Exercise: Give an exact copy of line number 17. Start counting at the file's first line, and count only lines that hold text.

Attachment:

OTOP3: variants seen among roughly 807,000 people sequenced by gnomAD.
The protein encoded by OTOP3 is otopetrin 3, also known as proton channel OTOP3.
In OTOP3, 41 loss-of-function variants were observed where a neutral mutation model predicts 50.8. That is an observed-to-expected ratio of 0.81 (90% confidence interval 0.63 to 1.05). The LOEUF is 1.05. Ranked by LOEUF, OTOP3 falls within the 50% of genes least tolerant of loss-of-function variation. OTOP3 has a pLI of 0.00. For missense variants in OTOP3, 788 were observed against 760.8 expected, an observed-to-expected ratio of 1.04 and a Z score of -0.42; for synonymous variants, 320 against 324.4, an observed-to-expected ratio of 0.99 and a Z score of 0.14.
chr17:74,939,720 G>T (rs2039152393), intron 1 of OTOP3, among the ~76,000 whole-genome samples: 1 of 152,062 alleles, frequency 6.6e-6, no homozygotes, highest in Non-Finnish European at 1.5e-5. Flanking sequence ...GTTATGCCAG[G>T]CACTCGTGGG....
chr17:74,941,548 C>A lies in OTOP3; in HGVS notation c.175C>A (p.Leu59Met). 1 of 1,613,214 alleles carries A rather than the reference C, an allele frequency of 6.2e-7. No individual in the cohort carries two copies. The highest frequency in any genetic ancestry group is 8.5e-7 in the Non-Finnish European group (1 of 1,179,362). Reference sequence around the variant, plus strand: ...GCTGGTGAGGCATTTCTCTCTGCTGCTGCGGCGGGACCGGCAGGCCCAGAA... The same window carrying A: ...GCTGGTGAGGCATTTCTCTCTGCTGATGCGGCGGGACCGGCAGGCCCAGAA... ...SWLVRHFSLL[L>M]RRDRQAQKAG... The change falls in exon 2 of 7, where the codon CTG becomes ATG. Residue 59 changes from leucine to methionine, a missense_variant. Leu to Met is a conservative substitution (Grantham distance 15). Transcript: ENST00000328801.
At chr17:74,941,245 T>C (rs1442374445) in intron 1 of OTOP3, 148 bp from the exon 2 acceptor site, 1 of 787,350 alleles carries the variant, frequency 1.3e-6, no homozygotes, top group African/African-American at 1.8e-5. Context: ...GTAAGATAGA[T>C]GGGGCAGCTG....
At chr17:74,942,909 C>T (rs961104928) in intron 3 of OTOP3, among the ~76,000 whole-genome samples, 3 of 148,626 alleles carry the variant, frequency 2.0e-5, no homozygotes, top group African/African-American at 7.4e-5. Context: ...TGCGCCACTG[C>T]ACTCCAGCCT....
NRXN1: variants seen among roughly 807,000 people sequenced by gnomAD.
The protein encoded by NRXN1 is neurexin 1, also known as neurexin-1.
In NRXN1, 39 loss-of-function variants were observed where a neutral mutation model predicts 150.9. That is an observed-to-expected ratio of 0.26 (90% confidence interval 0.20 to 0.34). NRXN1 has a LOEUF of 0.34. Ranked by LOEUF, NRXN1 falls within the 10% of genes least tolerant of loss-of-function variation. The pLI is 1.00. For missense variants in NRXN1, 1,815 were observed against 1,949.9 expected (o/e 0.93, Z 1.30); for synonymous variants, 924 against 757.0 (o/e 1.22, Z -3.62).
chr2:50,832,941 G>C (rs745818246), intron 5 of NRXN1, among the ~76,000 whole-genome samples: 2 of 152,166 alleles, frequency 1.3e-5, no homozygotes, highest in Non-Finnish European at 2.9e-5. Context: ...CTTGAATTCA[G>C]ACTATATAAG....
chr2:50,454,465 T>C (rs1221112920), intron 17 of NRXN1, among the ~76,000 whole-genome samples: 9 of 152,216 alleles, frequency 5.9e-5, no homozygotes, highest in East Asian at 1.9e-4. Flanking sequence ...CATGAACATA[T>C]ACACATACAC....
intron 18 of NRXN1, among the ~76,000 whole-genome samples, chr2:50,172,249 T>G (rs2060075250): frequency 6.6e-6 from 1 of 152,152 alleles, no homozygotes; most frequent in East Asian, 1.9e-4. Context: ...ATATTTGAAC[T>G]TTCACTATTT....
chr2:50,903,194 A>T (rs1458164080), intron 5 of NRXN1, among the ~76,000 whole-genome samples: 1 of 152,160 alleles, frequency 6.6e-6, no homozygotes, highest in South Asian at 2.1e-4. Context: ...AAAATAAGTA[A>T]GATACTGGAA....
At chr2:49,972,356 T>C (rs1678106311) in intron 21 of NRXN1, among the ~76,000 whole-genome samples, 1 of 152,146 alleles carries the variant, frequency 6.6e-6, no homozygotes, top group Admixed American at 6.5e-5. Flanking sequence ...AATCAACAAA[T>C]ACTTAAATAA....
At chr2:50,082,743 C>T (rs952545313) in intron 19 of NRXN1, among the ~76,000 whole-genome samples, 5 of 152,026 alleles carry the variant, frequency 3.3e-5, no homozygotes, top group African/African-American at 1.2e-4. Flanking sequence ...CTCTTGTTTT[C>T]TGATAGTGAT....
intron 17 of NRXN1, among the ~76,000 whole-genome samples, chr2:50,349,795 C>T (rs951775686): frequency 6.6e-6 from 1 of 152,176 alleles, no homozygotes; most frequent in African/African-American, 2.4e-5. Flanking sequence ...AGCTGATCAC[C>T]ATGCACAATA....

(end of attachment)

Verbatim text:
intron 17 of NRXN1, among the ~76,000 whole-genome samples, chr2:50,349,795 C>T (rs951775686): frequency 6.6e-6 from 1 of 152,176 alleles, no homozygotes; most frequent in African/African-American, 2.4e-5. Flanking sequence ...AGCTGATCAC[C>T]ATGCACAATA....